Int: What do you mean? Amalek’s grandchildren studied Torah and were religious Jews?
NLC: Yes. Jewish Law discusses the question of what to do in case an Amalekite wants to become Jewish, and several authorities believe that we have an obligation to convert him as long as he has no blood on his hands!! The Talmud in Gitin (57b) and in Sanhedrin (96b) makes the observation that the grandchildren of Haman, the Amalekite, were studying in the Beth Midrash in Bnei Berak. This observation is most telling. It shows the ambivalence of the Jewish tradition towards its arch enemy. Shall we really annihilate this nation and its children? See what happened to its descendants!!! They were great Talmudic scholars!
There’s more to Judaism than mitzvot
Int: Are you suggesting that there is a Jewish morality outside the realm of the commandments?
NLC: Yes, I think there is, in the sense that there are certain intuitive moral feelings that human beings have, Jews and non-Jews, which are of great importance, and which do play a role in the halakhic decision-making process. While there is no doubt that our moral instinct is often very subjective and we may often disagree, there are surely cases where we do agree. Killing innocent children and women is one of them.
Still there is much in the Jewish tradition which believes that our moral intuition may be the voice of God, even in cases which are not as extreme. If you look into the works of the great poskim (halakhic authorities), you see differences of opinions between them. This is because of their intuitive moral approach to certain issues. Sometimes a posek will say, “I have to find a heter (lenient ruling) for this problem.” He may even have made up his mind how he wants the decision to be before he starts to investigate. And then he looks around for all the arguments to justify his position, and puts it in an halakhic framework, after which he exclaims: “You see, I was right in what I said at the beginning!” He knows quite well that the arguments were all colored by his need to come to a lenient conclusion.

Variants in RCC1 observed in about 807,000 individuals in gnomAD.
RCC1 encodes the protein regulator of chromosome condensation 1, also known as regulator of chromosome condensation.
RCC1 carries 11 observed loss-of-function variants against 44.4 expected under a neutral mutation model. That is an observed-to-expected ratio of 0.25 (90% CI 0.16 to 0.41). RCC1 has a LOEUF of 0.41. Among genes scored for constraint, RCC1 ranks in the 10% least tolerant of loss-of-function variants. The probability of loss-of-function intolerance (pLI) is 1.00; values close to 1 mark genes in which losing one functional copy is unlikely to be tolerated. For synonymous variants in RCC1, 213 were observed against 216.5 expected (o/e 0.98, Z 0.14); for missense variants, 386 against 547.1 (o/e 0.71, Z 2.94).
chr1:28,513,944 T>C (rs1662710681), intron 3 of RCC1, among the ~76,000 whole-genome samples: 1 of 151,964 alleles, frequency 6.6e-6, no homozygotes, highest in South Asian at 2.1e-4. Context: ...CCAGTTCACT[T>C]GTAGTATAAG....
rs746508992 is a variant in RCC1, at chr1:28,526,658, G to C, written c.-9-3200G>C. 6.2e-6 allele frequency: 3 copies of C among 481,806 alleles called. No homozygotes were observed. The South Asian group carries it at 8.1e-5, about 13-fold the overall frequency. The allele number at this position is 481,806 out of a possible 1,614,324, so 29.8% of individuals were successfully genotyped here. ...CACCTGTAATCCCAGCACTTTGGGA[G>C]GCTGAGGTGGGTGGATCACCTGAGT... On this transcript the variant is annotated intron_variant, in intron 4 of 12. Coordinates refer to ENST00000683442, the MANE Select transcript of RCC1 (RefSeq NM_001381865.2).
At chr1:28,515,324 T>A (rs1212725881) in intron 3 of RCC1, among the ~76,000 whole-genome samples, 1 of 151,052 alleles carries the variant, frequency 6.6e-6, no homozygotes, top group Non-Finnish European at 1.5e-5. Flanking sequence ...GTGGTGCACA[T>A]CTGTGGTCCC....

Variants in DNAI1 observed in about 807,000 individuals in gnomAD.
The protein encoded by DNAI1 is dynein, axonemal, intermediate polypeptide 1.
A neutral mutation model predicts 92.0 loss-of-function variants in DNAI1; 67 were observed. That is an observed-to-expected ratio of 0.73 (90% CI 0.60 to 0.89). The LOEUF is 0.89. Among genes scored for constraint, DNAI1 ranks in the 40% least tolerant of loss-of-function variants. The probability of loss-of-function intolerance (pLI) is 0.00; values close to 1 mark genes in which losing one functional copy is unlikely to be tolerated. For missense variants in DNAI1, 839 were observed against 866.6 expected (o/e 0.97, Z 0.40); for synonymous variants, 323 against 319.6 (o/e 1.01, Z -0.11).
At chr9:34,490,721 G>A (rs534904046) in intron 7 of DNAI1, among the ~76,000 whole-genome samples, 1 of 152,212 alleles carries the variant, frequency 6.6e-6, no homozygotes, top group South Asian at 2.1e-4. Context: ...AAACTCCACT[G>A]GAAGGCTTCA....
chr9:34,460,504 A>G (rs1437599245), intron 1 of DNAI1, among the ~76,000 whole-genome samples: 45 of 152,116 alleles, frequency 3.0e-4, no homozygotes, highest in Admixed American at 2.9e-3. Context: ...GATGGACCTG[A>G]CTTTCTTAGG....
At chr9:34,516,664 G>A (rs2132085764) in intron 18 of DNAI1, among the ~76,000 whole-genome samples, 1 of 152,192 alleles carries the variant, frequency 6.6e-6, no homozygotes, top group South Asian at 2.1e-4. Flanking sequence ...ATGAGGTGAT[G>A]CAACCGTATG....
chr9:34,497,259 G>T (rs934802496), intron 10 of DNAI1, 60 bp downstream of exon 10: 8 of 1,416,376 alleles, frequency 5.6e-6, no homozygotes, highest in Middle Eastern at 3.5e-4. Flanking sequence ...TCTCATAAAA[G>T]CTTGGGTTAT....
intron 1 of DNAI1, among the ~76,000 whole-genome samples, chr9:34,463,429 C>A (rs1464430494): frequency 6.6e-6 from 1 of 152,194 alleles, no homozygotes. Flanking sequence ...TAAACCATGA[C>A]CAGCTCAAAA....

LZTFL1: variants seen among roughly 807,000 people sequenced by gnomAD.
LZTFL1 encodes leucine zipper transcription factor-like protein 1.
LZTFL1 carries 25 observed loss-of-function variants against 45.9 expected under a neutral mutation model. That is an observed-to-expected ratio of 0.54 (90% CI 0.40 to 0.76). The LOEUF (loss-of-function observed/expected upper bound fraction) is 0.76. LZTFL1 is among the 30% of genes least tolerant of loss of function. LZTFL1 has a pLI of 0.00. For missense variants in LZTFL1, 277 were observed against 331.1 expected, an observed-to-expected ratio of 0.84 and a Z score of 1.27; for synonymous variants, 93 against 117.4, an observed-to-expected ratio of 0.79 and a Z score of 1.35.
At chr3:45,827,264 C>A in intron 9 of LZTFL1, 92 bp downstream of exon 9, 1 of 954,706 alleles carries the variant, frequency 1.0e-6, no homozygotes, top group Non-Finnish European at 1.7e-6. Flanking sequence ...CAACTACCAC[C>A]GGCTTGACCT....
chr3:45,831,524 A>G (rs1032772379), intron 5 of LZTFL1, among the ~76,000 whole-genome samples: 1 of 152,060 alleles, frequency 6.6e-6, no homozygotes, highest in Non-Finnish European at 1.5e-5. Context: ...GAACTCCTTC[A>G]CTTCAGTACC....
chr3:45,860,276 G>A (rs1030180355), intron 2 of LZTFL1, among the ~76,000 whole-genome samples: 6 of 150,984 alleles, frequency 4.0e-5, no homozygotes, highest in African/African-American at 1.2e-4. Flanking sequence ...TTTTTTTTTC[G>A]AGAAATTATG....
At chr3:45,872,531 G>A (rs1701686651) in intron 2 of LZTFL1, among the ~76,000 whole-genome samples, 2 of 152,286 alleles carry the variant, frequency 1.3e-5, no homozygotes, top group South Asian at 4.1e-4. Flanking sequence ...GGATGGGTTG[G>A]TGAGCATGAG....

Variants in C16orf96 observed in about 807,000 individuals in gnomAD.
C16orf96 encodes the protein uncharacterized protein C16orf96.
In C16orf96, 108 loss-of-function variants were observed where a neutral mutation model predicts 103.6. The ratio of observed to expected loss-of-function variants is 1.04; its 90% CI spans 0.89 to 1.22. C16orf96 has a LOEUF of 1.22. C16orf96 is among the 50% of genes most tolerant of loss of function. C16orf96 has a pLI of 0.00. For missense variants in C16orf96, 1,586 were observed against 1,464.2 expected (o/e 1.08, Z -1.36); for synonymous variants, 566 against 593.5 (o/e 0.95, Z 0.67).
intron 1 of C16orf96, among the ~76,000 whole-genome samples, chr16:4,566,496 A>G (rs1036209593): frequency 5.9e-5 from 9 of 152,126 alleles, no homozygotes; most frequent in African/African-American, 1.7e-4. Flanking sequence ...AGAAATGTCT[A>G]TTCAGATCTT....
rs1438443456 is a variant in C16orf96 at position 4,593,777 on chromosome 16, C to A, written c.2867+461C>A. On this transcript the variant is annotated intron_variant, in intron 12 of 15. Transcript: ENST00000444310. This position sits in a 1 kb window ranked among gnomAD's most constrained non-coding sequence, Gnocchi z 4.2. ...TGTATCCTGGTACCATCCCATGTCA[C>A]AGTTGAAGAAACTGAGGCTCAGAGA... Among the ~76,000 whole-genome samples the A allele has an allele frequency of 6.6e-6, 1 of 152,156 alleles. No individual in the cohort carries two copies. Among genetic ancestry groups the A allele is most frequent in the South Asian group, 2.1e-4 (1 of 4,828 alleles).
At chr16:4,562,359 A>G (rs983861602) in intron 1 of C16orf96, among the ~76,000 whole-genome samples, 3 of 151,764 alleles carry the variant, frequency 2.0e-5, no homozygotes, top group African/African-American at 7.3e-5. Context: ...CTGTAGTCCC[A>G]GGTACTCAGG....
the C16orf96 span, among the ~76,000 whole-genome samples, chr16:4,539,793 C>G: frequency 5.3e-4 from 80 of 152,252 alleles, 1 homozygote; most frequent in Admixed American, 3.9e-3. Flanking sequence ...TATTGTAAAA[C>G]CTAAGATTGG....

And the beauty of this is that this is completely legitimate within Judaism!
You see this with Rabbi Moshe Feinstein, you see it in some very Haredi literature as well; it all has to do with a philosophical and ideological attitude which is deeply influenced by the moral intuition of these particular people. And that’s also why there are tremendous differences between the Ashkenazi and the Sephardi poskim. The Ashkenazi outlook to life is much more pessimistic than the Sephardi one. This has its roots in their different experiences in the countries from which they hail, and consequently we find different halakhic responses.
There’s an ideology to halakha. And there are different opinions as to what that ideology is. The halakha tells us what to do and what not to do. But it is often a much larger weltanschauung, an outlook on life, which lies behind these halakhic requirements. They are never clearly stated anywhere in the Torah, unless they are stated in very general terms, such as “you must be holy”, but that still requires an explanation about what holiness really is. So ideologies play a great role. The ideological differences between the Haredi and the national-religious rabbis concerning the State of Israel’s religious meaning is a good example.
Int: Are we practicing halakha the way we should?